Ghosn spoke with media including CarAdvice today about broad strategies once Nissan’s planned 34 per cent controlling buy-in to the Mitsubishi Motors Corporation (MMC) is operational.
He said the next-generation Navara and Triton would be developed separately but likely share architecture as a starting point. This is the same basic relationship as that between the stylistically very different Ford Ranger and Mazda BT-50.
“[It’s] very possible that we are going to use the same platform, but we're going to develop the cars differently because the customers are not the same," he said.
“But instead of two different platforms we can have them on the same platform but be completely different products. The cost of development and purchasing will be lower. A common platform, but different developments.”
This suggests that Mitsubishi and Nissan will use the same platform — whether it’ll be co-developed, or Nissan-developed and licensed to MMC remains to be seen — but design the cars independently. Powertrain sharing details are less clear.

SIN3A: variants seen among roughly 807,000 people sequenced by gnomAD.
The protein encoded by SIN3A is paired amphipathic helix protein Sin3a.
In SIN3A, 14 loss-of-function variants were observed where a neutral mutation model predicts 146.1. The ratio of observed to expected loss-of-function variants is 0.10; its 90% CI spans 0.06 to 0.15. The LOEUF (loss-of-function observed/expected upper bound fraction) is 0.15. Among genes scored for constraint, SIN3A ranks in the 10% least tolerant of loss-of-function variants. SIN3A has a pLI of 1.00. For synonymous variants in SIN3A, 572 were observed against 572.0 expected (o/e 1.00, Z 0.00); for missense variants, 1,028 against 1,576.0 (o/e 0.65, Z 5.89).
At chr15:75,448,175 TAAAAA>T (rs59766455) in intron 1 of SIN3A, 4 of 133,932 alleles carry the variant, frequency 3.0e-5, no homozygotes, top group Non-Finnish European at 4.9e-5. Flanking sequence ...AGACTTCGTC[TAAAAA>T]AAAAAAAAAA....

Given new versions of the NP300 Navara and Triton launched just last year, the next-generation platform-sharing versions are years away anyhow. We won’t see them until well beyond 2020, given current development rates.
Nissan is already big on sharing its NP300 Navara architecture, with Alliance partner Renault and global collaborator Mercedes-Benz both poised to spin-off their own re-bodied ute versions of the NP300.
Reflecting the cost-effective, development-sharing nature of the ute business, MMC also licenses the Triton to Fiat Chrysler in South America, where the Fiat brand sells a repackaged Triton called the Fiat Fullback.
As reported, Nissan announced a bid this week to take a controlling stake in Mitsubishi Motors of 34 per cent, costing it about $2.9 billion. The deal will see Mitsubishi brought into the Ghosn-led Nissan-Renault Alliance, which also includes a partnership with Daimler.
One of the key benefits of the deal, which is in the Memorandum of Understanding phase, is the sharing of platforms between the companies, cutting costs through greater scale and shared research, purchasing and even manufacturing expenses.
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